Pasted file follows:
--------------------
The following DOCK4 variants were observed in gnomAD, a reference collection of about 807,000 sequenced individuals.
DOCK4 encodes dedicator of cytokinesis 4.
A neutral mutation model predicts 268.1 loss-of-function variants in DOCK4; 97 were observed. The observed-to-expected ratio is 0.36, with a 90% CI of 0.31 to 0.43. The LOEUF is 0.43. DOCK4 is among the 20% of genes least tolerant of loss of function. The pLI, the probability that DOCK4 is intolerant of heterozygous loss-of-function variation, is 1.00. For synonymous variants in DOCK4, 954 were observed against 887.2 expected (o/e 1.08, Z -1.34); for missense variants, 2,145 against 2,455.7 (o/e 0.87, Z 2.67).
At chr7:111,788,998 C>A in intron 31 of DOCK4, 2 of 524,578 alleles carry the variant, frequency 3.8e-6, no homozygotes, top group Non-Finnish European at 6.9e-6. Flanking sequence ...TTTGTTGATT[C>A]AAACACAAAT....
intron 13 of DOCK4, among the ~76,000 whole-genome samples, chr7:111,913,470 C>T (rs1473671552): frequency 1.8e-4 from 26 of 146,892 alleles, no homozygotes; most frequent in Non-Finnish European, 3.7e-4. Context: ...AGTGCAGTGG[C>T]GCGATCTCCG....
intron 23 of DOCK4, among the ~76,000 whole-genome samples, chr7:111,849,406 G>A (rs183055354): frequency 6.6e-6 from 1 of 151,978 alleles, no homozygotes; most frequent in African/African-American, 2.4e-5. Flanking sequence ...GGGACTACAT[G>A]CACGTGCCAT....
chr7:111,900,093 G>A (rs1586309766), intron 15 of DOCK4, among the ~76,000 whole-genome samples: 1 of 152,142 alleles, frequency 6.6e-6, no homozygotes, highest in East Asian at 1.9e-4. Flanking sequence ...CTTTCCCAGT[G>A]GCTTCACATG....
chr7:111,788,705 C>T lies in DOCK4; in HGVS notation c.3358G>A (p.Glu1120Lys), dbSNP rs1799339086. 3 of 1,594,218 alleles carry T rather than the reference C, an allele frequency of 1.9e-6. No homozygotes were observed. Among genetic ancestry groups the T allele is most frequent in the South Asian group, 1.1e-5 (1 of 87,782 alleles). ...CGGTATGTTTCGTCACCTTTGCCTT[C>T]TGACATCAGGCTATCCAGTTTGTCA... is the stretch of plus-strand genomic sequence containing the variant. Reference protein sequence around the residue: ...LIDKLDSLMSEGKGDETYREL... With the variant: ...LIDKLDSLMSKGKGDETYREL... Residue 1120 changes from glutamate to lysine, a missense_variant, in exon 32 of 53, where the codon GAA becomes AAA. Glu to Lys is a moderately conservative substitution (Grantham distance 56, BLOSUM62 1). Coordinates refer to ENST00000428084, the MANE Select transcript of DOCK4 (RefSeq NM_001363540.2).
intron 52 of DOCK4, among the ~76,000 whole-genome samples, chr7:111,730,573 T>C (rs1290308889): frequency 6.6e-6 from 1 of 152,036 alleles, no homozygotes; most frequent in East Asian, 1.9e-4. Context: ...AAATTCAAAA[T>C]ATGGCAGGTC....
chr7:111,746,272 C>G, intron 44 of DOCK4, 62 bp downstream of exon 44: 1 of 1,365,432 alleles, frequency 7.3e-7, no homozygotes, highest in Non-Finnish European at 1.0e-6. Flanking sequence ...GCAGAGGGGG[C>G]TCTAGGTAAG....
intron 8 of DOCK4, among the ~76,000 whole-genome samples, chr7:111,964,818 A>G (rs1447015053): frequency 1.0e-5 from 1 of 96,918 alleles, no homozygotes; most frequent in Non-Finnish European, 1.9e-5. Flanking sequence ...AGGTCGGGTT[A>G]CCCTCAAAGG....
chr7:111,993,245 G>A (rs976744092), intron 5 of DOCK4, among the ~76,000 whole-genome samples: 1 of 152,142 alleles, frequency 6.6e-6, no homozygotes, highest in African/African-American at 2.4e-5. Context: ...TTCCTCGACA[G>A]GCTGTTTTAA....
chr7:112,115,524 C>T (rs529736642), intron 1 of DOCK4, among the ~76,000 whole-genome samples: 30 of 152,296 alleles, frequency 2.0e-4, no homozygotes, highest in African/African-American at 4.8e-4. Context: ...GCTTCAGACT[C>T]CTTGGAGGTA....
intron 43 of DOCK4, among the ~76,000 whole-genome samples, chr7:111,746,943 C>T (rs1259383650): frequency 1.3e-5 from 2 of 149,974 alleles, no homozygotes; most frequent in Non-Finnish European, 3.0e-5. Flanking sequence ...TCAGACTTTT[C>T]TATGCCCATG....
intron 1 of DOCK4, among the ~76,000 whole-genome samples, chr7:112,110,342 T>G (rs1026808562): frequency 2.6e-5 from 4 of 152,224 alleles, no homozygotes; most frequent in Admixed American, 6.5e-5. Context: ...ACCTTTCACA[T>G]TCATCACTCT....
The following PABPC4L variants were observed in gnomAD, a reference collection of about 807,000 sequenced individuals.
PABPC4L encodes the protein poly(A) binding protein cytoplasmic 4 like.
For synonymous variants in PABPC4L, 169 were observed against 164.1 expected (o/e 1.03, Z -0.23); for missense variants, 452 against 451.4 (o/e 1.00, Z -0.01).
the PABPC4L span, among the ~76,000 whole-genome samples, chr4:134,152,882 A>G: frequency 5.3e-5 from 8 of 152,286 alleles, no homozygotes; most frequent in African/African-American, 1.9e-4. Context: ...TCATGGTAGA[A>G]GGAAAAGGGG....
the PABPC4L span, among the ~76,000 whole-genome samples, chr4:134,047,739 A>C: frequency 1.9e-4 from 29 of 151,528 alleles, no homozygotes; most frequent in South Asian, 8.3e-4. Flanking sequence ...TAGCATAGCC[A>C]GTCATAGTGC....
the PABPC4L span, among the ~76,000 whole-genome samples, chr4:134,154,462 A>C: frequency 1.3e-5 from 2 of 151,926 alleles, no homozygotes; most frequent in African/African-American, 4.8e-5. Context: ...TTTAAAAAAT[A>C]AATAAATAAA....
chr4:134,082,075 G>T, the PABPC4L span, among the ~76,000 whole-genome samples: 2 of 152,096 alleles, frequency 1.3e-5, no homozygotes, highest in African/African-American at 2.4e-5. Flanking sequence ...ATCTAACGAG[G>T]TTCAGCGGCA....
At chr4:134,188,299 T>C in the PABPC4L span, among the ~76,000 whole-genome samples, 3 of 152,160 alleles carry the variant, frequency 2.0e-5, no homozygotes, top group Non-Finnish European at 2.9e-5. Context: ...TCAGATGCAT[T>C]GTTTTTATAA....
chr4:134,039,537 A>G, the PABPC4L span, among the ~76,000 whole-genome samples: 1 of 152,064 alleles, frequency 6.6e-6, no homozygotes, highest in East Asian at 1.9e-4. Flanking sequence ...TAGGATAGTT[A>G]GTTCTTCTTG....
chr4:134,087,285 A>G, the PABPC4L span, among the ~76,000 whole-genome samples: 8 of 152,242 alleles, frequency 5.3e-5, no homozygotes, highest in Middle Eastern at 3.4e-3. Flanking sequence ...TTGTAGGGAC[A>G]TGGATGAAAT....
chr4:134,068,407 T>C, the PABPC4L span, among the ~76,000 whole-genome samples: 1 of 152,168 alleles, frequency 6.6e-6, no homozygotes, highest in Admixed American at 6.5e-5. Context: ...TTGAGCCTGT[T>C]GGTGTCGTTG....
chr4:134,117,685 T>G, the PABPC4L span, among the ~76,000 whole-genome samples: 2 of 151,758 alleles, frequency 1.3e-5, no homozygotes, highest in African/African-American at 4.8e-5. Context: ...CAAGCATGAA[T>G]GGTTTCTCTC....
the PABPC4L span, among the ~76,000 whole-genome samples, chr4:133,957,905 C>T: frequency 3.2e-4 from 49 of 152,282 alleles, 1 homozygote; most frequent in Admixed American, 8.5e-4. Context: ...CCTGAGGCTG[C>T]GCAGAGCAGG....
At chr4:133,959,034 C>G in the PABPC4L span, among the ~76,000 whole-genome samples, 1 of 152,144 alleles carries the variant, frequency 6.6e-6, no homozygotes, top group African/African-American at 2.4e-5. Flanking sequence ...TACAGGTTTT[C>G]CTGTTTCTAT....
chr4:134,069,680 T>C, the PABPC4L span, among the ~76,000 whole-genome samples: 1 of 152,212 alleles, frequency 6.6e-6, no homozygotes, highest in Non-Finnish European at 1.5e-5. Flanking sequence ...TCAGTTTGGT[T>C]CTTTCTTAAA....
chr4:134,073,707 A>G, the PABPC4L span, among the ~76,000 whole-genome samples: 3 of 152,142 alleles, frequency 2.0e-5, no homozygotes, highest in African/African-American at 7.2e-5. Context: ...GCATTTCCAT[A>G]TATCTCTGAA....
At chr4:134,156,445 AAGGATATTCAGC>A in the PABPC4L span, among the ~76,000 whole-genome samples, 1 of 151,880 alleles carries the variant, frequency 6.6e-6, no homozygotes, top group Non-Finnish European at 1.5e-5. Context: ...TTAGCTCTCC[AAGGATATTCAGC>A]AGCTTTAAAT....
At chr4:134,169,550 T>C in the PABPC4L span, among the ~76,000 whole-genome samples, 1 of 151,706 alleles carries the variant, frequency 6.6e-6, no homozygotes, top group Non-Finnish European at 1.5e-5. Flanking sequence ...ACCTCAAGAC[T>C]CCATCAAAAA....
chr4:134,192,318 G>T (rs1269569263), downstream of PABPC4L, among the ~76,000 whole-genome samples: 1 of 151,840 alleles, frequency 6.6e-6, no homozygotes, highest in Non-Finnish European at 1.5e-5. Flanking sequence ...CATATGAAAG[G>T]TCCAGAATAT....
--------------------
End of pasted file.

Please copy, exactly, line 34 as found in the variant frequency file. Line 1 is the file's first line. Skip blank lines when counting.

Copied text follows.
chr4:134,192,318 G>T (rs1269569263), downstream of PABPC4L, among the ~76,000 whole-genome samples: 1 of 151,840 alleles, frequency 6.6e-6, no homozygotes, highest in Non-Finnish European at 1.5e-5. Flanking sequence ...CATATGAAAG[G>T]TCCAGAATAT....